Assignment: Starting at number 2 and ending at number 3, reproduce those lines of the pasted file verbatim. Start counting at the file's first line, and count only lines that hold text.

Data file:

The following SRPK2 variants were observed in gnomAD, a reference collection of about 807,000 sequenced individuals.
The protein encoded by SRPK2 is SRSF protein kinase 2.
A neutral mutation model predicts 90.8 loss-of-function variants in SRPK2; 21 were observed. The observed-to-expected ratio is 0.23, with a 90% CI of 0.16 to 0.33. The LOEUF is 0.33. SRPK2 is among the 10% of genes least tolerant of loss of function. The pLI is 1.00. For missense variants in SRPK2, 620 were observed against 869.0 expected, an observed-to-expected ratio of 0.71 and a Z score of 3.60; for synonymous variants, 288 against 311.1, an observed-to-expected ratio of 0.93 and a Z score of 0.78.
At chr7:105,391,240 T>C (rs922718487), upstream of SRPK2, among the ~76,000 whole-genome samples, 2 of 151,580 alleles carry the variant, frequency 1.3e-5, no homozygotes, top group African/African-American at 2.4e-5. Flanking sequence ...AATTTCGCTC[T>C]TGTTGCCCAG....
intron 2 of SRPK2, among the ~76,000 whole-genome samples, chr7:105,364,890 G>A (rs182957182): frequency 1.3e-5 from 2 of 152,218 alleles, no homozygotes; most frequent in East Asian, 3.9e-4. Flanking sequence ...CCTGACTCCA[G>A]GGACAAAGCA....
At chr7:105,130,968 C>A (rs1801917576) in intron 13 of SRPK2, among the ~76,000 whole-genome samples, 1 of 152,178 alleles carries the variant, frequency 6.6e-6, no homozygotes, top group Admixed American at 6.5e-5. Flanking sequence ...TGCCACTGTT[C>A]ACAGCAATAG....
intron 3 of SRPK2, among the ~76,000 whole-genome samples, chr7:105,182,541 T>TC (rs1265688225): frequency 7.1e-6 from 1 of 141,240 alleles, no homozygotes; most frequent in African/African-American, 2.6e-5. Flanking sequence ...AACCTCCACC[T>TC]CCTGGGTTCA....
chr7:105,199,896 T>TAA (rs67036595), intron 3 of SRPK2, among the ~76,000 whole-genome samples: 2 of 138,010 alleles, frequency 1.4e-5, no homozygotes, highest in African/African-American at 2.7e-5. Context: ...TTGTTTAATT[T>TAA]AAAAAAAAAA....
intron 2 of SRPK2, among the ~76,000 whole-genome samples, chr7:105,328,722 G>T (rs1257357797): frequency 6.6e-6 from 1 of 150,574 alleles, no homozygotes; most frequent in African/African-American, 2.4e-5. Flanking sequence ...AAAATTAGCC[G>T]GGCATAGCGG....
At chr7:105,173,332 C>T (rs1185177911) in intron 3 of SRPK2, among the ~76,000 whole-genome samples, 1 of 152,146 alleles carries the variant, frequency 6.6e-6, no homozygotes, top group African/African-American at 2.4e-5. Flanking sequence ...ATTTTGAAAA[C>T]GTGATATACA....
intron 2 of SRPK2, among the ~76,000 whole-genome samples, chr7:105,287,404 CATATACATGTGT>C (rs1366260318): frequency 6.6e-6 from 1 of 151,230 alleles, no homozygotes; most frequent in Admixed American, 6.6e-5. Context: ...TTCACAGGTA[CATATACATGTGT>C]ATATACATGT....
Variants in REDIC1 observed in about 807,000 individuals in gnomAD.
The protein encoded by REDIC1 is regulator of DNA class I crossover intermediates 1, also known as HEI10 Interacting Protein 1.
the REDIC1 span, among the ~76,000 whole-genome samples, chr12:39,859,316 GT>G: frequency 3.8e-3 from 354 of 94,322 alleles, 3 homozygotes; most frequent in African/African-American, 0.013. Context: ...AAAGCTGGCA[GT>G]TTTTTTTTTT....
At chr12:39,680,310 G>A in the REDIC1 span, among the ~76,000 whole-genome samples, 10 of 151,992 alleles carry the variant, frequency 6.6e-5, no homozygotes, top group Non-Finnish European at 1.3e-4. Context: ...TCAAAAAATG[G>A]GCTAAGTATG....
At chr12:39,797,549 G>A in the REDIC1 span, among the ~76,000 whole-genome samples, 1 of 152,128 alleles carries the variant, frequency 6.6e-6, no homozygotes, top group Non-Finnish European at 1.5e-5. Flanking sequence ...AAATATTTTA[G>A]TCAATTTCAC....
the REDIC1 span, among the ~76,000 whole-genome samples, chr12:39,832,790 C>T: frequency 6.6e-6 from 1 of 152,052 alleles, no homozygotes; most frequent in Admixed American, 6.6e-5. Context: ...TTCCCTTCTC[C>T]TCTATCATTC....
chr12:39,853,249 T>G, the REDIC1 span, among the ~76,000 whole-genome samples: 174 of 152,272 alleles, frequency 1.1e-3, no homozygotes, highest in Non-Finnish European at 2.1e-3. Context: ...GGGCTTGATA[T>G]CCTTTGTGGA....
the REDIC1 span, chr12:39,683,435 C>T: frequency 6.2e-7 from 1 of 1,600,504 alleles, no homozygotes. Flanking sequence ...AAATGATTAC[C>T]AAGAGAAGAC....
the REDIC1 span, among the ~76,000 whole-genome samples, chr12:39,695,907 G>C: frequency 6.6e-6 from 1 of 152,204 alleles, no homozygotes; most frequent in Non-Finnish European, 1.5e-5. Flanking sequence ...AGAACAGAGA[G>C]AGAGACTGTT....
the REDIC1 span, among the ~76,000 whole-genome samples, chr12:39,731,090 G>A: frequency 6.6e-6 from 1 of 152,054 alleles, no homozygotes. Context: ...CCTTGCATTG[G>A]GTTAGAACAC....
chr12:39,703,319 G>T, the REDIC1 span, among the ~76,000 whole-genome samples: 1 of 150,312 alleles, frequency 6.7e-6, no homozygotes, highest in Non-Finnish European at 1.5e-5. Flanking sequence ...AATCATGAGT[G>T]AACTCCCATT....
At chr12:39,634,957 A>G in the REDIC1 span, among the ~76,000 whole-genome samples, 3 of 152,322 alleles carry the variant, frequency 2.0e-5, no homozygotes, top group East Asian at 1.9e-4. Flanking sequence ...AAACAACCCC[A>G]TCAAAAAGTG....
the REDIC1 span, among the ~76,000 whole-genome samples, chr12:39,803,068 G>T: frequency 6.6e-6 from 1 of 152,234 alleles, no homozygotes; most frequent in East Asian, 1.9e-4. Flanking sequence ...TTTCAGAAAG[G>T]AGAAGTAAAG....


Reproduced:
The protein encoded by SRPK2 is SRSF protein kinase 2.
A neutral mutation model predicts 90.8 loss-of-function variants in SRPK2; 21 were observed. The observed-to-expected ratio is 0.23, with a 90% CI of 0.16 to 0.33. The LOEUF is 0.33. SRPK2 is among the 10% of genes least tolerant of loss of function. The pLI is 1.00. For missense variants in SRPK2, 620 were observed against 869.0 expected, an observed-to-expected ratio of 0.71 and a Z score of 3.60; for synonymous variants, 288 against 311.1, an observed-to-expected ratio of 0.93 and a Z score of 0.78.